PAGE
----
THE CHALLENGES a printing company owner faces today can, at times, seem daunting, overwhelming and downright discouraging. I should know; as an owner I shared those same challenges.

Advances in technology have had a significant impact on our industry on many fronts. Our clients now have the ability to design many of the materials they use today, and a significant portion of these materials that used to be printed are now loaded onto Websites where they can be downloaded on-demand or are simply distributed electronically.

This has led to increased competition for the work that still exists and has caused increased pricing pressures, which make our margins suffer. Further challenges from offshore printers and the proliferation of “Internet printers” (a very high growth area right now) assure that the situation is going to get even more challenging.

Technology has affected the manufacturing side of the business at a dizzying pace, as well. Suffice it to say that a client came into our shop a couple of years ago with art boards and overlays—half the staff didn’t know what they were. We have all had to make significant capital investments while our margins have continued to shrink; a daunting prospect to say the least.

The good news is that there is a solution to these challenges. Customers are still essentially allocating an equivalent amount of funds to market their businesses and run their organizations. This is being done by pursuing different types of initiatives than they have in the past.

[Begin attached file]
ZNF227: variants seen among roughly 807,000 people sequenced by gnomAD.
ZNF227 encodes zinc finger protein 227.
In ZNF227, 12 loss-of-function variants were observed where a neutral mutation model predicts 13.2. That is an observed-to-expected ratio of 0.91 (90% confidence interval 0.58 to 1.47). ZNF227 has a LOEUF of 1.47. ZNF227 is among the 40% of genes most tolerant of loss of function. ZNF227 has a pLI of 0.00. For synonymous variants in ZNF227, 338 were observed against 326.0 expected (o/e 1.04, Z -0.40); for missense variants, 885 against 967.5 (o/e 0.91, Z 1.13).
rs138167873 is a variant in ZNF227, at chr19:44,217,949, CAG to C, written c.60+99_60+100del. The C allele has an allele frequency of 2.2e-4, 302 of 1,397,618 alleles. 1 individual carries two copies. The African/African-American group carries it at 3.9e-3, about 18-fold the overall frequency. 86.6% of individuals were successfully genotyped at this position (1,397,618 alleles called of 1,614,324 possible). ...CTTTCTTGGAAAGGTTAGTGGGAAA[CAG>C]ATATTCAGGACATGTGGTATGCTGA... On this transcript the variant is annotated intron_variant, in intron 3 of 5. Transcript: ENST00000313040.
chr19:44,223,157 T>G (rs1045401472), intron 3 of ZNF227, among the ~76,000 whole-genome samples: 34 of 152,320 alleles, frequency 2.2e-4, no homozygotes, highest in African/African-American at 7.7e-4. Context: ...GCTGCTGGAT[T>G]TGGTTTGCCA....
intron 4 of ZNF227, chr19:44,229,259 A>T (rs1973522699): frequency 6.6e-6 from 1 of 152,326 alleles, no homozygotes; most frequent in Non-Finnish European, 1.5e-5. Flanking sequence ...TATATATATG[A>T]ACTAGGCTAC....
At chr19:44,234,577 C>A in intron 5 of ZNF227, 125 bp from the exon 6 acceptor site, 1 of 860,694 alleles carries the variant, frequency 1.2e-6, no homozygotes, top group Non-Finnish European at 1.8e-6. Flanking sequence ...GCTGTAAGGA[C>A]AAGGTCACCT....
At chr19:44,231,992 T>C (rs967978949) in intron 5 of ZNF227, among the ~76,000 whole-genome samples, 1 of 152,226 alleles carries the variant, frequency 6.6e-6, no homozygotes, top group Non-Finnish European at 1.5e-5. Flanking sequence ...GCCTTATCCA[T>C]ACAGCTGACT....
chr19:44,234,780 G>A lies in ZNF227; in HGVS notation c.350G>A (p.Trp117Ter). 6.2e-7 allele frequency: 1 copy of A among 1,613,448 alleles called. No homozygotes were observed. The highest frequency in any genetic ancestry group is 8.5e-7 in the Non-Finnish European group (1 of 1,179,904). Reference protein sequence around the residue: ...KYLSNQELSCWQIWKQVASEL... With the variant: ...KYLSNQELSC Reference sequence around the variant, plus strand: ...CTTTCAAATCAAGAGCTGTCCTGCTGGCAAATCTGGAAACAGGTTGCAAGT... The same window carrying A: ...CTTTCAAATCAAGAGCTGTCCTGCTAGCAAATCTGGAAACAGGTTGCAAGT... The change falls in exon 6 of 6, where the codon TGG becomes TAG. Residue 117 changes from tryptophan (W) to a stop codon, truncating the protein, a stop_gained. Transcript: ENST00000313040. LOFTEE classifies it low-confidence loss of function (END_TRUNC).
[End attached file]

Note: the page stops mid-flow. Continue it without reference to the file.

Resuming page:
As printers, we have an enormous opportunity: We occupy the central point of the marketing and communications supply chain, which puts us in an ideal position to continue to capture these marketing dollars.

The task at hand is to capitalize on these opportunities as they relate to your business. Let me share with you five proven steps that, if properly executed, will allow you to exploit these opportunities and take your business to the next level. Proven, because the techniques outlined below allowed my business to triple its revenues over a four-year period in the midst of the dotcom bubble and 9/11—one of the worst economic periods in this country’s history when nearly 20 percent of our industry’s facilities closed their doors. So, let’s get started.

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